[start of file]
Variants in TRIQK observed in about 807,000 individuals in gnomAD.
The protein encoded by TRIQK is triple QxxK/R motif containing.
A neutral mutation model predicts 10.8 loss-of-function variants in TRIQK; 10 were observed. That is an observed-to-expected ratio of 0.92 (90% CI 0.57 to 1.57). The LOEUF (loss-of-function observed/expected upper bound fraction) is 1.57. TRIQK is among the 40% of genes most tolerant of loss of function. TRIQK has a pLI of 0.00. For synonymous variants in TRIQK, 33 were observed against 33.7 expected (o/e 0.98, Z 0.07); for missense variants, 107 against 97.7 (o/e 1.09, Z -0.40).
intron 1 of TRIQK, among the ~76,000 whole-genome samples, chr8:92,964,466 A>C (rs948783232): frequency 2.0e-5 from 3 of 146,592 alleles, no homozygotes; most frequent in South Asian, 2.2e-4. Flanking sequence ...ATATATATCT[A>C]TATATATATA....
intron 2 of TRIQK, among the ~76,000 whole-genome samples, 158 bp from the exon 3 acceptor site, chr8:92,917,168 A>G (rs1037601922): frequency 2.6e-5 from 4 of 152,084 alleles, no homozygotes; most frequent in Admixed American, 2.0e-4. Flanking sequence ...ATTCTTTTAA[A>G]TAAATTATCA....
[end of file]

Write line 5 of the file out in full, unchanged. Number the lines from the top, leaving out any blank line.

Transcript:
intron 2 of TRIQK, among the ~76,000 whole-genome samples, 158 bp from the exon 3 acceptor site, chr8:92,917,168 A>G (rs1037601922): frequency 2.6e-5 from 4 of 152,084 alleles, no homozygotes; most frequent in Admixed American, 2.0e-4. Flanking sequence ...ATTCTTTTAA[A>G]TAAATTATCA....